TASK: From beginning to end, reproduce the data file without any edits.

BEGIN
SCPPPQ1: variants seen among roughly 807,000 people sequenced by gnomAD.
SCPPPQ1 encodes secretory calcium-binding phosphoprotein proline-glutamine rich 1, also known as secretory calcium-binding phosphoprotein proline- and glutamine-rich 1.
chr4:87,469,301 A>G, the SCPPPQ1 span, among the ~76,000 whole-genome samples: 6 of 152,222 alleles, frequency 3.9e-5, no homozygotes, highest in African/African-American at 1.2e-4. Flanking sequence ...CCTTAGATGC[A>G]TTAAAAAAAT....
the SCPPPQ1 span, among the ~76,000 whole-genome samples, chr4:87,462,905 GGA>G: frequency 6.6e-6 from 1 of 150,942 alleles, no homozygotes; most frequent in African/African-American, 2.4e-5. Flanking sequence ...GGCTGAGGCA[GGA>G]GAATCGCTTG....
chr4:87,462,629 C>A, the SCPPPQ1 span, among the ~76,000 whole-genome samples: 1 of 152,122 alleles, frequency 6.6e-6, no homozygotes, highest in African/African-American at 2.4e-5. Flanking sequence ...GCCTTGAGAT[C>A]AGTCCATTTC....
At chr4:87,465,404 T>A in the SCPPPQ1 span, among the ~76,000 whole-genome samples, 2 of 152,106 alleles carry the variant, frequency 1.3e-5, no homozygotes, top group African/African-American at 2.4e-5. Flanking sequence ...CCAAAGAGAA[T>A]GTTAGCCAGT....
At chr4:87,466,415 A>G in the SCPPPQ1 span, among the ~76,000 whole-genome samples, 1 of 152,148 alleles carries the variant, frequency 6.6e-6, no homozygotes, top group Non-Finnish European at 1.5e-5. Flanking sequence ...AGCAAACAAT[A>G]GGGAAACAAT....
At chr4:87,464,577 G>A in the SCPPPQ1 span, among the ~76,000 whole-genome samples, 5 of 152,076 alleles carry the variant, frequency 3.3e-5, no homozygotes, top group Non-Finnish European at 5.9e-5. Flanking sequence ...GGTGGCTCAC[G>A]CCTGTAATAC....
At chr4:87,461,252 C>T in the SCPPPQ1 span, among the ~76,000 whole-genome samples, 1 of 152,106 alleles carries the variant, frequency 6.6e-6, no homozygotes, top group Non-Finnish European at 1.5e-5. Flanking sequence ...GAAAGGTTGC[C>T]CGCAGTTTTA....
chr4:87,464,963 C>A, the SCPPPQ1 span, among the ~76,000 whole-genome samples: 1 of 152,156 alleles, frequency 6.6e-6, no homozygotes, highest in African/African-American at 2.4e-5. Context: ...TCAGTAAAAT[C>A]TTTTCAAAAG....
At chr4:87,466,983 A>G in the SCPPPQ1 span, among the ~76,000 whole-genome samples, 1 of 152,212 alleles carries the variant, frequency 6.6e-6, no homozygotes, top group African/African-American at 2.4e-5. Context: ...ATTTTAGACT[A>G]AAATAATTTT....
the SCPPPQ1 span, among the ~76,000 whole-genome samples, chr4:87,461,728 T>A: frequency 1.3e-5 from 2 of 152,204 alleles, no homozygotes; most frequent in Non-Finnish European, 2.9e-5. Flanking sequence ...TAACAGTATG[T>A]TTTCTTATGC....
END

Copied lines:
SCPPPQ1: variants seen among roughly 807,000 people sequenced by gnomAD.
SCPPPQ1 encodes secretory calcium-binding phosphoprotein proline-glutamine rich 1, also known as secretory calcium-binding phosphoprotein proline- and glutamine-rich 1.
chr4:87,469,301 A>G, the SCPPPQ1 span, among the ~76,000 whole-genome samples: 6 of 152,222 alleles, frequency 3.9e-5, no homozygotes, highest in African/African-American at 1.2e-4. Flanking sequence ...CCTTAGATGC[A>G]TTAAAAAAAT....
the SCPPPQ1 span, among the ~76,000 whole-genome samples, chr4:87,462,905 GGA>G: frequency 6.6e-6 from 1 of 150,942 alleles, no homozygotes; most frequent in African/African-American, 2.4e-5. Flanking sequence ...GGCTGAGGCA[GGA>G]GAATCGCTTG....
chr4:87,462,629 C>A, the SCPPPQ1 span, among the ~76,000 whole-genome samples: 1 of 152,122 alleles, frequency 6.6e-6, no homozygotes, highest in African/African-American at 2.4e-5. Flanking sequence ...GCCTTGAGAT[C>A]AGTCCATTTC....
At chr4:87,465,404 T>A in the SCPPPQ1 span, among the ~76,000 whole-genome samples, 2 of 152,106 alleles carry the variant, frequency 1.3e-5, no homozygotes, top group African/African-American at 2.4e-5. Flanking sequence ...CCAAAGAGAA[T>A]GTTAGCCAGT....
At chr4:87,466,415 A>G in the SCPPPQ1 span, among the ~76,000 whole-genome samples, 1 of 152,148 alleles carries the variant, frequency 6.6e-6, no homozygotes, top group Non-Finnish European at 1.5e-5. Flanking sequence ...AGCAAACAAT[A>G]GGGAAACAAT....
At chr4:87,464,577 G>A in the SCPPPQ1 span, among the ~76,000 whole-genome samples, 5 of 152,076 alleles carry the variant, frequency 3.3e-5, no homozygotes, top group Non-Finnish European at 5.9e-5. Flanking sequence ...GGTGGCTCAC[G>A]CCTGTAATAC....
At chr4:87,461,252 C>T in the SCPPPQ1 span, among the ~76,000 whole-genome samples, 1 of 152,106 alleles carries the variant, frequency 6.6e-6, no homozygotes, top group Non-Finnish European at 1.5e-5. Flanking sequence ...GAAAGGTTGC[C>T]CGCAGTTTTA....
chr4:87,464,963 C>A, the SCPPPQ1 span, among the ~76,000 whole-genome samples: 1 of 152,156 alleles, frequency 6.6e-6, no homozygotes, highest in African/African-American at 2.4e-5. Context: ...TCAGTAAAAT[C>A]TTTTCAAAAG....
At chr4:87,466,983 A>G in the SCPPPQ1 span, among the ~76,000 whole-genome samples, 1 of 152,212 alleles carries the variant, frequency 6.6e-6, no homozygotes, top group African/African-American at 2.4e-5. Context: ...ATTTTAGACT[A>G]AAATAATTTT....
the SCPPPQ1 span, among the ~76,000 whole-genome samples, chr4:87,461,728 T>A: frequency 1.3e-5 from 2 of 152,204 alleles, no homozygotes; most frequent in Non-Finnish European, 2.9e-5. Flanking sequence ...TAACAGTATG[T>A]TTTCTTATGC....